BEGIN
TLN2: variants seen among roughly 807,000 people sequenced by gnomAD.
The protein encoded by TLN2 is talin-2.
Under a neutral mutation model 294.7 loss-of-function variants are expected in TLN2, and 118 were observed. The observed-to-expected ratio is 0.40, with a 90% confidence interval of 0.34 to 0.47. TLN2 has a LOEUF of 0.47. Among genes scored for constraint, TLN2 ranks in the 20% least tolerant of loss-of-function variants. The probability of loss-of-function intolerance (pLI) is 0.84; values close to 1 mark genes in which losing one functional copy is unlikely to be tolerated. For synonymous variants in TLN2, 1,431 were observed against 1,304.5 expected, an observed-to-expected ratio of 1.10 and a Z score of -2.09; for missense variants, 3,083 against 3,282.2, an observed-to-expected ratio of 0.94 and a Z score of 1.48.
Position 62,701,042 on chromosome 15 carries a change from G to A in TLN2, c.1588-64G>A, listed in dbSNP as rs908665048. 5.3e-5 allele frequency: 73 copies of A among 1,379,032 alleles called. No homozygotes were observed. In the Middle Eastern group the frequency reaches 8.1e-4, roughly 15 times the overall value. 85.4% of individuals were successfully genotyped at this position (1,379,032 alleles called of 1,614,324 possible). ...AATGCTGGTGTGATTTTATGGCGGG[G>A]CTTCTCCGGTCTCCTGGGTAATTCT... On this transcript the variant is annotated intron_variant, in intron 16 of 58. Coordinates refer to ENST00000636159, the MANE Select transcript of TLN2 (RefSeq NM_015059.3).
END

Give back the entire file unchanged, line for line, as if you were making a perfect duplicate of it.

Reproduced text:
TLN2: variants seen among roughly 807,000 people sequenced by gnomAD.
The protein encoded by TLN2 is talin-2.
Under a neutral mutation model 294.7 loss-of-function variants are expected in TLN2, and 118 were observed. The observed-to-expected ratio is 0.40, with a 90% confidence interval of 0.34 to 0.47. TLN2 has a LOEUF of 0.47. Among genes scored for constraint, TLN2 ranks in the 20% least tolerant of loss-of-function variants. The probability of loss-of-function intolerance (pLI) is 0.84; values close to 1 mark genes in which losing one functional copy is unlikely to be tolerated. For synonymous variants in TLN2, 1,431 were observed against 1,304.5 expected, an observed-to-expected ratio of 1.10 and a Z score of -2.09; for missense variants, 3,083 against 3,282.2, an observed-to-expected ratio of 0.94 and a Z score of 1.48.
Position 62,701,042 on chromosome 15 carries a change from G to A in TLN2, c.1588-64G>A, listed in dbSNP as rs908665048. 5.3e-5 allele frequency: 73 copies of A among 1,379,032 alleles called. No homozygotes were observed. In the Middle Eastern group the frequency reaches 8.1e-4, roughly 15 times the overall value. 85.4% of individuals were successfully genotyped at this position (1,379,032 alleles called of 1,614,324 possible). ...AATGCTGGTGTGATTTTATGGCGGG[G>A]CTTCTCCGGTCTCCTGGGTAATTCT... On this transcript the variant is annotated intron_variant, in intron 16 of 58. Coordinates refer to ENST00000636159, the MANE Select transcript of TLN2 (RefSeq NM_015059.3).